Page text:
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This is exactly what Leu (Zurich) (15% buyer's premium plus local sales tax) held on May 10 when they dispersed the BCD collection - and that is exactly what happened.

So comprehensive is this 345-lot catalogue, with its detailed introductions and bibliography, that it must now be considered a standard work.

The first coin of Olympia coincided with the 78th Olympiad in 468BC. It has a splendid flying eagle and a massive threatening thunderbolt. An estimate of SFr15,000 was suggested, but it made SFr25,000 (£10,870).

This coin is no stranger to the London scene. It was sold at Glendinings in December 1986 for £16,000 (estimate £2500-3000). This leads me to suspect that Greek coins are currently rather inexpensive if you buy skilfully, a view which is supported by the firmness of the market for English coins and which is reflected on the continent.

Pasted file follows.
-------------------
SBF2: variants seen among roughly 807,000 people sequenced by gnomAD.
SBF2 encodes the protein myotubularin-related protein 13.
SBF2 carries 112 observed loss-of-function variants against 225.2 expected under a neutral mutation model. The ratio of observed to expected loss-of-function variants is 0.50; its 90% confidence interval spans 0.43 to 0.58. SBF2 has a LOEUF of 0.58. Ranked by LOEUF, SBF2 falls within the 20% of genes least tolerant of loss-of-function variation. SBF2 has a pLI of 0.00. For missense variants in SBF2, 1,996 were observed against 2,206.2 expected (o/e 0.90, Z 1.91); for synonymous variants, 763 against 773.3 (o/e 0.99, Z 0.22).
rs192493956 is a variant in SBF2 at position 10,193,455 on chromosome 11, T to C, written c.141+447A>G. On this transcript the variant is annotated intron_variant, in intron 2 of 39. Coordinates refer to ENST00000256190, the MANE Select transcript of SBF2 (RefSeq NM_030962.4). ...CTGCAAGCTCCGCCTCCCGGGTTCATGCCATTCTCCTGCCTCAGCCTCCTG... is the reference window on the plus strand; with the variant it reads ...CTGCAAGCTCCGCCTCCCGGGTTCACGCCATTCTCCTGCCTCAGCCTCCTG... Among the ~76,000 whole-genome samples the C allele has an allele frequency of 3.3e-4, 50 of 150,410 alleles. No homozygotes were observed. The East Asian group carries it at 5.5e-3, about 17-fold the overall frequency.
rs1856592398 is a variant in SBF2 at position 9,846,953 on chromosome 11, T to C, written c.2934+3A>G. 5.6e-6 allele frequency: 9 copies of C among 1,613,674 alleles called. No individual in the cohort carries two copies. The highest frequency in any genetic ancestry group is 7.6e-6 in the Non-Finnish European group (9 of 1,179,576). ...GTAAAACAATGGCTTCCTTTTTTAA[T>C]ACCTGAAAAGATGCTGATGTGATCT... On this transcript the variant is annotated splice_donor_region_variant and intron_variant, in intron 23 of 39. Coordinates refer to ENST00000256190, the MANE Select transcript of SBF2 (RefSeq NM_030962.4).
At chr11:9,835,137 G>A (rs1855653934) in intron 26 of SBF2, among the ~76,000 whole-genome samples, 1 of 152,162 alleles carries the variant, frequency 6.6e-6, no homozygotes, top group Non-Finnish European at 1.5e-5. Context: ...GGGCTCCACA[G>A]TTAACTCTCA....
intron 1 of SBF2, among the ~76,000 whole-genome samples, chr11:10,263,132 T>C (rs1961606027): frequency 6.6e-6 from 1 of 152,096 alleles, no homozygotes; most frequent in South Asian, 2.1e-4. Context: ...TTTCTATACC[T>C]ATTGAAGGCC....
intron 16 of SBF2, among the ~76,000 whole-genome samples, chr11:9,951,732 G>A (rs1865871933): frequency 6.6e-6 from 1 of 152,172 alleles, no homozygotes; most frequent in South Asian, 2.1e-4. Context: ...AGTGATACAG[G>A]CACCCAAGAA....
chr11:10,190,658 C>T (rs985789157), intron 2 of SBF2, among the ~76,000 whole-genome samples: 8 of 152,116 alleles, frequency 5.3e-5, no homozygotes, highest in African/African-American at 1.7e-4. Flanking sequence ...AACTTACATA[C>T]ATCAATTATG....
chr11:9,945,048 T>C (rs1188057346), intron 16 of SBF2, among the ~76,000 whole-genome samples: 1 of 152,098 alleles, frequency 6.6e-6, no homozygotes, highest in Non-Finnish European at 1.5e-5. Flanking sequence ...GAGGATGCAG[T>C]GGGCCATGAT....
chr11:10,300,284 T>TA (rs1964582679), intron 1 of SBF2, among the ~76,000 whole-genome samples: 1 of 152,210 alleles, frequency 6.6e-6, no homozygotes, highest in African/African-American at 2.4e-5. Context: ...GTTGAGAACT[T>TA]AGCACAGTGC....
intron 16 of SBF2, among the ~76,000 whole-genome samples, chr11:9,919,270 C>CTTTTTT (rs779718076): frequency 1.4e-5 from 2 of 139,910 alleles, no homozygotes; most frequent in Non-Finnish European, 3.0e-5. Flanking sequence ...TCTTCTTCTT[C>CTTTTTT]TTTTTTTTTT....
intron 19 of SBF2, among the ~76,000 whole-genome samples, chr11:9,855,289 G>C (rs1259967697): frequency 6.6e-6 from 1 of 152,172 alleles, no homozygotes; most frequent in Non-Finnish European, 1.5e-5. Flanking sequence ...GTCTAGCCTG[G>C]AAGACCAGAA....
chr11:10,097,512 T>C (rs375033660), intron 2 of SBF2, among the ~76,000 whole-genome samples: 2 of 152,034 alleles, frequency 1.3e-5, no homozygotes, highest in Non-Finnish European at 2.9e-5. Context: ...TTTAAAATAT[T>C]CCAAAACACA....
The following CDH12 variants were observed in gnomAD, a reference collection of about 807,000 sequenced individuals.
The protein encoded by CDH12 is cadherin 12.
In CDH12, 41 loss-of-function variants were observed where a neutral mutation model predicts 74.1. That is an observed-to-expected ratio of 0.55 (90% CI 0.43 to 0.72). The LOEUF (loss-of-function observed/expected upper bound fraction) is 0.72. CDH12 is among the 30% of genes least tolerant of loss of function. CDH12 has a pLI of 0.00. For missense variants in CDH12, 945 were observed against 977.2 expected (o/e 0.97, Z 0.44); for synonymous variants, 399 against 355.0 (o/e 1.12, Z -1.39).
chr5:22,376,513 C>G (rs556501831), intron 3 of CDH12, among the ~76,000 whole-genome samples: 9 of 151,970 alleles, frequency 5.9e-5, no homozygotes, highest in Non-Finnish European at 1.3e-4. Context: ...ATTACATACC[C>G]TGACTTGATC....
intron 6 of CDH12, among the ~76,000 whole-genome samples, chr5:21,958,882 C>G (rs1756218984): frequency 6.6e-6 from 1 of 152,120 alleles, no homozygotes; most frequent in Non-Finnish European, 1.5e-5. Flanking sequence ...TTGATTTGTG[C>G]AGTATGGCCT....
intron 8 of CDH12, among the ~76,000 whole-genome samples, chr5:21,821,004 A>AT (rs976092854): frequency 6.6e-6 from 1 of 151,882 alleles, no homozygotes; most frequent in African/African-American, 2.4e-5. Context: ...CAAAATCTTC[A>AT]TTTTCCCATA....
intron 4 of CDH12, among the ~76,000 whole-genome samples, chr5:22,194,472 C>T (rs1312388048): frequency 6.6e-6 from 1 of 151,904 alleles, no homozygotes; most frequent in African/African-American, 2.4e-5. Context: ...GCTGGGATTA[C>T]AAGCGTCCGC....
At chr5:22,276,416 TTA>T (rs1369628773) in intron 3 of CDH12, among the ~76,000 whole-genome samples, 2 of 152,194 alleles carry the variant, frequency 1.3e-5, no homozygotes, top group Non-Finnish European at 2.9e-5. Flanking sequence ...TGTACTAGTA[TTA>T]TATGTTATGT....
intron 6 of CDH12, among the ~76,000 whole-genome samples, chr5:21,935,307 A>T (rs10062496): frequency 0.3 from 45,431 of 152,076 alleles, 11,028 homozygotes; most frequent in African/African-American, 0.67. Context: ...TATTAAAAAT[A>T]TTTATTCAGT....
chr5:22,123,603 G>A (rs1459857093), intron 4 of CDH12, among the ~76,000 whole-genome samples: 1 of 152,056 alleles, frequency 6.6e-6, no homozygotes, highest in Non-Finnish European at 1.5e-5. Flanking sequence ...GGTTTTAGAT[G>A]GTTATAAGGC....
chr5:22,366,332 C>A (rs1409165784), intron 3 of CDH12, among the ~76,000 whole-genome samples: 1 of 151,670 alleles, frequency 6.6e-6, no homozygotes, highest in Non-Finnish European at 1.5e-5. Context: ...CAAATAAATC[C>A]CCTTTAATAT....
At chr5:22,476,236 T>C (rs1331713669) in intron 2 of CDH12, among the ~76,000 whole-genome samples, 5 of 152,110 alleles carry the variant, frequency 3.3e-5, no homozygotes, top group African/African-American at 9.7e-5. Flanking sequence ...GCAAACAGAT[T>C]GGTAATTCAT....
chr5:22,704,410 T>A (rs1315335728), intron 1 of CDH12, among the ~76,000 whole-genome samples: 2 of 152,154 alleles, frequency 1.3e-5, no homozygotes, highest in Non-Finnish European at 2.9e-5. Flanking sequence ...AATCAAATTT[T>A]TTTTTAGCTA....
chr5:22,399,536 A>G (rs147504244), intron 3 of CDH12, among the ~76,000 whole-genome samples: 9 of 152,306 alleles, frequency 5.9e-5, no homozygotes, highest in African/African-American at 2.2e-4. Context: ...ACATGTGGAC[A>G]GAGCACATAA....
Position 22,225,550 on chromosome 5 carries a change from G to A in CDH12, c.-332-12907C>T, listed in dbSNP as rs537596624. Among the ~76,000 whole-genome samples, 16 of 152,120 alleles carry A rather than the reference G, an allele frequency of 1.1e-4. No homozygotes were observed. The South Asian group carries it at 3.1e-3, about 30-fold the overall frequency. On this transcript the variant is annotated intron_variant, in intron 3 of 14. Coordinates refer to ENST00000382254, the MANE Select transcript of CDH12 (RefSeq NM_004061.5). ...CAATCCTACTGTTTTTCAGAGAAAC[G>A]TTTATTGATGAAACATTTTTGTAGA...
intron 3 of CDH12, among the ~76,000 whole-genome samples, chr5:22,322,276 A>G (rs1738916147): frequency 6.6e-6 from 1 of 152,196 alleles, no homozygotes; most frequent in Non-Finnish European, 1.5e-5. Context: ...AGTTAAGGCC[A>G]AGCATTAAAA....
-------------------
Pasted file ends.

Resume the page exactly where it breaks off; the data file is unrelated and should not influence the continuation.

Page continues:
Before reporting something more affordable, you should know that the highest price of the day was achieved by the equally artistic silver stater by the die-cutter Polykaon (he signed the die) and struck for the 100th Olympiad. The estimate was SFr55,000, but it made SFr164,000 (£71,300). This coin too is no stranger. It was sold in the celebrated Kunstfreund sale in Zurich back in 1974 for SFr91,000, which was then £12,130. Of course, the investment perspective depends on which currency is significant to you.

Not all Greek coins have to be mega-money. The smaller version of the first coin reported here, but with the same images, was estimated at SFr750 (£325), and it made just that.

The total for this sale was SFr1.61m (£700,000).

It is a relief to report that there are still many elegant Greek coins, mainly from the mints of Sicily and Southern Italy, which would be a credit to any intelligent collection, in the lower three figures - and I mean sterling three figures.

£1 = SFr2.3